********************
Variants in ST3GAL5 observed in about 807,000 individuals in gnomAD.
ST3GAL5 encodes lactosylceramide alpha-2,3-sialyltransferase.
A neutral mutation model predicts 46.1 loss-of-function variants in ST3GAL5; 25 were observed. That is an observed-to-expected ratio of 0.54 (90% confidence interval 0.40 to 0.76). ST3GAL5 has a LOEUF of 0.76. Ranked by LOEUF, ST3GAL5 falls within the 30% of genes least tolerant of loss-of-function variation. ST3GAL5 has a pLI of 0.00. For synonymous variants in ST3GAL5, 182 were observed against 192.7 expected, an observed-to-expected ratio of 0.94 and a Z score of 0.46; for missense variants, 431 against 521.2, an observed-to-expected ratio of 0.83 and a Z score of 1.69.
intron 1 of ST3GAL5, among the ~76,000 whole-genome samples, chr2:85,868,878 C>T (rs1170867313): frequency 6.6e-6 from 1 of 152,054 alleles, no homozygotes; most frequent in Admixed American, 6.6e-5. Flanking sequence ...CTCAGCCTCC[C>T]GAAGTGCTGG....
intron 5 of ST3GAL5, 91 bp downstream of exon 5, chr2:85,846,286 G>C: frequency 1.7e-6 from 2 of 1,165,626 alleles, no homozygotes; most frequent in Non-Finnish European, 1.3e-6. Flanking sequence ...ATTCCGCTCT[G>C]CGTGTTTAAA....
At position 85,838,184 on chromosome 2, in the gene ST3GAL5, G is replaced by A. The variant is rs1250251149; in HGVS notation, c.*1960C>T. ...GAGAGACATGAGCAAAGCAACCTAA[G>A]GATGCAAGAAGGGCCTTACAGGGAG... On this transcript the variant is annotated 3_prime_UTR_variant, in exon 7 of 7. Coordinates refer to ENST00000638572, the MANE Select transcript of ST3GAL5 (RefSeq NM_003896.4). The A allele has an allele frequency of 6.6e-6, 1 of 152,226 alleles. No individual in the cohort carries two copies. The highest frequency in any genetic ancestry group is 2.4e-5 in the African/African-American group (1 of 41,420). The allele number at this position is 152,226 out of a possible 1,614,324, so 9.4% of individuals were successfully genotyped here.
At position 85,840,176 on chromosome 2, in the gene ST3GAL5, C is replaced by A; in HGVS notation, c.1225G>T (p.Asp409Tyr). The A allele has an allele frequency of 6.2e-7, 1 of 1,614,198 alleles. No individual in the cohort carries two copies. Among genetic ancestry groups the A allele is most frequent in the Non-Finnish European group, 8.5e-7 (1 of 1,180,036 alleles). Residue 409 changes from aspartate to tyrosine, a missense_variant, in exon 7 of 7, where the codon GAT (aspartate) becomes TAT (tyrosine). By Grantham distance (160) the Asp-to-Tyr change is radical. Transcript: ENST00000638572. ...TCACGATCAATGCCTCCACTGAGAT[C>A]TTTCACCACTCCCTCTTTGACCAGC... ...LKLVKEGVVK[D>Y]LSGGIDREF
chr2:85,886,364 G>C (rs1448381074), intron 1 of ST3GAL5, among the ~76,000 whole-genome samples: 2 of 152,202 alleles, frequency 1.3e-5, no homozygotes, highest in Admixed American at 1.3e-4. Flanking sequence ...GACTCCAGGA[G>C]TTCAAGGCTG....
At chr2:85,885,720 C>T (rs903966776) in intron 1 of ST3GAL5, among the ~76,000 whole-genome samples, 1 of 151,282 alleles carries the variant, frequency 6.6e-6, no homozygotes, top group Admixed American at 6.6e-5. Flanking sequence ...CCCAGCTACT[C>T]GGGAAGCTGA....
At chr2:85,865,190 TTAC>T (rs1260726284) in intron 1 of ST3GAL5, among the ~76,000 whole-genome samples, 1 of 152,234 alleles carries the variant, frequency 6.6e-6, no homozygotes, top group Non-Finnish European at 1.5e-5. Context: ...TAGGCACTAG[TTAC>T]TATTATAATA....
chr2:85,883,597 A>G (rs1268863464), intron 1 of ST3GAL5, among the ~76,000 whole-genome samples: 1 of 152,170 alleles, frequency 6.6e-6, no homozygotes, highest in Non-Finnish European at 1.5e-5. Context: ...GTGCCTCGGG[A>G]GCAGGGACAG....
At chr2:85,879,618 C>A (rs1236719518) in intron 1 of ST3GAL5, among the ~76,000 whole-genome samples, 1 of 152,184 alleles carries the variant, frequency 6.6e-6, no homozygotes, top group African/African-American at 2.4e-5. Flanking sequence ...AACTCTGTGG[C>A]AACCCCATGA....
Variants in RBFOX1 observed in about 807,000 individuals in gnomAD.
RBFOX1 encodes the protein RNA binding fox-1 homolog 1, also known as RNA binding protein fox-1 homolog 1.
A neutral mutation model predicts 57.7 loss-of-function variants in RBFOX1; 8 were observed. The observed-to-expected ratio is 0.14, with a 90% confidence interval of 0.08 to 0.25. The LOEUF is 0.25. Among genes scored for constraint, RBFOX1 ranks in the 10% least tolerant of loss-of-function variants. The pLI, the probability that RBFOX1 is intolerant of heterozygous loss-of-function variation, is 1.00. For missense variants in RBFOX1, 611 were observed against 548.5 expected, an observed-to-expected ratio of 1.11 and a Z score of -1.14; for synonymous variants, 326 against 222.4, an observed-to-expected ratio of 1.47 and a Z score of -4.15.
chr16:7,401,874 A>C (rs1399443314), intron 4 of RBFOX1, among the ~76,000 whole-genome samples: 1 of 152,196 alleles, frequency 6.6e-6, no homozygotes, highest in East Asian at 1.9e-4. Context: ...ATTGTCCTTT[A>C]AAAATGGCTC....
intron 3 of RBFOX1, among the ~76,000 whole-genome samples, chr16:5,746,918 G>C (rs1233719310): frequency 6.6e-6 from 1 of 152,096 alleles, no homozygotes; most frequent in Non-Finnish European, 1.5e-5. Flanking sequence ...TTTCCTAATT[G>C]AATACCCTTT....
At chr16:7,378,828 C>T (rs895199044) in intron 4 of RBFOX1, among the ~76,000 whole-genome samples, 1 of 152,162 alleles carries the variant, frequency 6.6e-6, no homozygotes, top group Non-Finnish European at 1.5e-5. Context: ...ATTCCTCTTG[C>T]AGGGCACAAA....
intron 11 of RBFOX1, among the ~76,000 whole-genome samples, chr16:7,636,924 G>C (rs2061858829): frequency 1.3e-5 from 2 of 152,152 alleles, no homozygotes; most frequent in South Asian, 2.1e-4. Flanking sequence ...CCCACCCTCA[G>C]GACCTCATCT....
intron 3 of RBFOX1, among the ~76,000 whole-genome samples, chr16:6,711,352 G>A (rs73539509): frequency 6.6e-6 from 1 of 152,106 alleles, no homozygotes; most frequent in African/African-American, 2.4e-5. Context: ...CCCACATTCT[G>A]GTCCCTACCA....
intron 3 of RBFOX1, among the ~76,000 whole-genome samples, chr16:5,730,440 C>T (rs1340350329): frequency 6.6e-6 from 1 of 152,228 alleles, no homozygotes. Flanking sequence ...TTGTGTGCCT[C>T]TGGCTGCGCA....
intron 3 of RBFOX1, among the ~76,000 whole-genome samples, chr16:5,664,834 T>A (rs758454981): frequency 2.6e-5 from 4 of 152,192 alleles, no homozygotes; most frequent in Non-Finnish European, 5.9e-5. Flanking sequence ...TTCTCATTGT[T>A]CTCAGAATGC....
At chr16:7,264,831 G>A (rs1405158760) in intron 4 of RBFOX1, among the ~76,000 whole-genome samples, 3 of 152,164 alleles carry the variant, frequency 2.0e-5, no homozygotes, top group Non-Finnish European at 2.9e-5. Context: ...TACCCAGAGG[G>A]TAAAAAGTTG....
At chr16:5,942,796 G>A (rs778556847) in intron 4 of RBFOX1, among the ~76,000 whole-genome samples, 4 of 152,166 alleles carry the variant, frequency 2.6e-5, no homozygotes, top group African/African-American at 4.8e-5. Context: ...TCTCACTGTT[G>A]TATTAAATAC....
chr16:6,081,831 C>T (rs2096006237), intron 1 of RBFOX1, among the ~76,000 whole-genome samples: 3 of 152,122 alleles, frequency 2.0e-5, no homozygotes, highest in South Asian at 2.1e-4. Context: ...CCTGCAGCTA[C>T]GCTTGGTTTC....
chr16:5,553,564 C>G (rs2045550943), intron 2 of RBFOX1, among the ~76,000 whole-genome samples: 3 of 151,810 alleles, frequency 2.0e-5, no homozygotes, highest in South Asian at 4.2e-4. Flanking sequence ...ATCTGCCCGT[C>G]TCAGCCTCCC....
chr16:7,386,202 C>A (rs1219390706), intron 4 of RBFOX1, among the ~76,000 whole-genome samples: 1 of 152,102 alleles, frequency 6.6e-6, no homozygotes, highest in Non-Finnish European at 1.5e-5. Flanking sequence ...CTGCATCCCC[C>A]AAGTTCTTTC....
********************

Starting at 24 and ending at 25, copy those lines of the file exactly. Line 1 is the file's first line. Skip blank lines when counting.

At chr16:5,942,796 G>A (rs778556847) in intron 4 of RBFOX1, among the ~76,000 whole-genome samples, 4 of 152,166 alleles carry the variant, frequency 2.6e-5, no homozygotes, top group African/African-American at 4.8e-5. Context: ...TCTCACTGTT[G>A]TATTAAATAC....
chr16:6,081,831 C>T (rs2096006237), intron 1 of RBFOX1, among the ~76,000 whole-genome samples: 3 of 152,122 alleles, frequency 2.0e-5, no homozygotes, highest in South Asian at 2.1e-4. Context: ...CCTGCAGCTA[C>T]GCTTGGTTTC....